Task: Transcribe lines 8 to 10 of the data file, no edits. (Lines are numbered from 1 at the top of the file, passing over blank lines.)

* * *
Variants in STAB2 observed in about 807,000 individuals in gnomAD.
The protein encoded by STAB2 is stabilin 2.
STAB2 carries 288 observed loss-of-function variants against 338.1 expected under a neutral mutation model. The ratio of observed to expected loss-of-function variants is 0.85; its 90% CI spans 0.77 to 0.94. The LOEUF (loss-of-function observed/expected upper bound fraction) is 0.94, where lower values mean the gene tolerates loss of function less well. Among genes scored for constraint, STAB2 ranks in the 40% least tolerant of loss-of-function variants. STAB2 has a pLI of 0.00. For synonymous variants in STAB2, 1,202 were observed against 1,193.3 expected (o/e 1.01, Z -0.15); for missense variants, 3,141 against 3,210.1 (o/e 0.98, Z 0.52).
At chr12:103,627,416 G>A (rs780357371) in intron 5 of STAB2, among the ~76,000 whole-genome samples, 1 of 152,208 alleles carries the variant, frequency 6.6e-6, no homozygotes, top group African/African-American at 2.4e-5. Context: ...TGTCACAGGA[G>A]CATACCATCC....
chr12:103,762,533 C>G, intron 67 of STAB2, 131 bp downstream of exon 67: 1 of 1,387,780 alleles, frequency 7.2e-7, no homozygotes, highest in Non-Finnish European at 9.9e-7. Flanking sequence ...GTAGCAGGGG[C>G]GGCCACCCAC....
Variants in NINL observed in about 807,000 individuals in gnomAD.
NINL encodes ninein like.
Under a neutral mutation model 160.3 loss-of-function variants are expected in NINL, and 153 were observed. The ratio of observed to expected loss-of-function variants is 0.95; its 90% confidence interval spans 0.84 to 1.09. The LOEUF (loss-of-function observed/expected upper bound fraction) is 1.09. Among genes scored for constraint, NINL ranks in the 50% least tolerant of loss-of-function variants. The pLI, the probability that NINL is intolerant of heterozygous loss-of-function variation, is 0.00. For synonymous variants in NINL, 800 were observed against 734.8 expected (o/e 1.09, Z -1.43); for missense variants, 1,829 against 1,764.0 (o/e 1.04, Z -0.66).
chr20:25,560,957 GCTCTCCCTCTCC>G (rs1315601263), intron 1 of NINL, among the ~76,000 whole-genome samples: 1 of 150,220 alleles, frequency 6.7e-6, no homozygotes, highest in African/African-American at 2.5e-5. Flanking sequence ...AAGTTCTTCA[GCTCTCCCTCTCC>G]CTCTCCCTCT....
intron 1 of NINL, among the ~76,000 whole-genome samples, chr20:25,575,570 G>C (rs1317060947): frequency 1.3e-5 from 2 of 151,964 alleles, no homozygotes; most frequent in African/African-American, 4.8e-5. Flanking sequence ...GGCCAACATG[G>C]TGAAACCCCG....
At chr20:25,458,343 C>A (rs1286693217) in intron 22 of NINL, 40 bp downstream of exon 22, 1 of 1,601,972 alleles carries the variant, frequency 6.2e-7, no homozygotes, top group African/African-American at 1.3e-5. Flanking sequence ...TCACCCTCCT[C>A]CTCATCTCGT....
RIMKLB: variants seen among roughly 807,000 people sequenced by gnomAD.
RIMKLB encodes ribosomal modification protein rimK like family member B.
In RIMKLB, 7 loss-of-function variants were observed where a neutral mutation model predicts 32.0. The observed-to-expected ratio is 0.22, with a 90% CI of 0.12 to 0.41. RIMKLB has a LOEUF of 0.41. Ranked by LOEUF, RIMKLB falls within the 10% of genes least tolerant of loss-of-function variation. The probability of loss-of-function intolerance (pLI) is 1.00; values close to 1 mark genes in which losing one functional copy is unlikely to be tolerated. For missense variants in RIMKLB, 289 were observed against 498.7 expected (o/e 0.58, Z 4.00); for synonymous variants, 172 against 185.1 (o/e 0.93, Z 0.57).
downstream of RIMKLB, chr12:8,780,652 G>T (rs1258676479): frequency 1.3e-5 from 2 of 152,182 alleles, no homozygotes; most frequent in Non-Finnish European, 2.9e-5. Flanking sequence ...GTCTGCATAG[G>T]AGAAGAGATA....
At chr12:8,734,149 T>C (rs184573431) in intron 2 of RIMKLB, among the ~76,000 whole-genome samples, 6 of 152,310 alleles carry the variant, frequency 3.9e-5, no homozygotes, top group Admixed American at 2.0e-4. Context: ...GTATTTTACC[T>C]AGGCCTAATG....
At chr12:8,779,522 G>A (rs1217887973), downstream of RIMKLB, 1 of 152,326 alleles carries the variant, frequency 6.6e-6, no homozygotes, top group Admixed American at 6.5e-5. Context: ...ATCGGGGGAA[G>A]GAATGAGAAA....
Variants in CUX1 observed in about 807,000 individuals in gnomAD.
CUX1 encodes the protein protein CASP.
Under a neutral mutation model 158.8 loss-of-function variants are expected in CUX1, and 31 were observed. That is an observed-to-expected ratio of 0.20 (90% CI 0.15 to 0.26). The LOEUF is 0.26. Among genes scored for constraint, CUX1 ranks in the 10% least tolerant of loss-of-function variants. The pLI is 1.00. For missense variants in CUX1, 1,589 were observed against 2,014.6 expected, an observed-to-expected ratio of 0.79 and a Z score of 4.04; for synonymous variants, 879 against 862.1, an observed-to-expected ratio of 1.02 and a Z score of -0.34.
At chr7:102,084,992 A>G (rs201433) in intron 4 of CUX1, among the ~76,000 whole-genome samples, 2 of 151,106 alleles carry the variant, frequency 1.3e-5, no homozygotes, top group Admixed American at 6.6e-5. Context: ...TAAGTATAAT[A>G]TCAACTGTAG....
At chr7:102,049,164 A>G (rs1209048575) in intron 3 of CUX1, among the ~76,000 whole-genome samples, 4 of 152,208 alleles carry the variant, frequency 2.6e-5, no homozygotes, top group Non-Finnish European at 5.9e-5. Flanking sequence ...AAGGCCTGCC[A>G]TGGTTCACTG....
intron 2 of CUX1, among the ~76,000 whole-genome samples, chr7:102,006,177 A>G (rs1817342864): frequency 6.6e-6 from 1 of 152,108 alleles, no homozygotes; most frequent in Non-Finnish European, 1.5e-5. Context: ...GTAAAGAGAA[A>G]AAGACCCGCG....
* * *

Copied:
Under a neutral mutation model 160.3 loss-of-function variants are expected in NINL, and 153 were observed. The ratio of observed to expected loss-of-function variants is 0.95; its 90% confidence interval spans 0.84 to 1.09. The LOEUF (loss-of-function observed/expected upper bound fraction) is 1.09. Among genes scored for constraint, NINL ranks in the 50% least tolerant of loss-of-function variants. The pLI, the probability that NINL is intolerant of heterozygous loss-of-function variation, is 0.00. For synonymous variants in NINL, 800 were observed against 734.8 expected (o/e 1.09, Z -1.43); for missense variants, 1,829 against 1,764.0 (o/e 1.04, Z -0.66).
chr20:25,560,957 GCTCTCCCTCTCC>G (rs1315601263), intron 1 of NINL, among the ~76,000 whole-genome samples: 1 of 150,220 alleles, frequency 6.7e-6, no homozygotes, highest in African/African-American at 2.5e-5. Flanking sequence ...AAGTTCTTCA[GCTCTCCCTCTCC>G]CTCTCCCTCT....
intron 1 of NINL, among the ~76,000 whole-genome samples, chr20:25,575,570 G>C (rs1317060947): frequency 1.3e-5 from 2 of 151,964 alleles, no homozygotes; most frequent in African/African-American, 4.8e-5. Flanking sequence ...GGCCAACATG[G>C]TGAAACCCCG....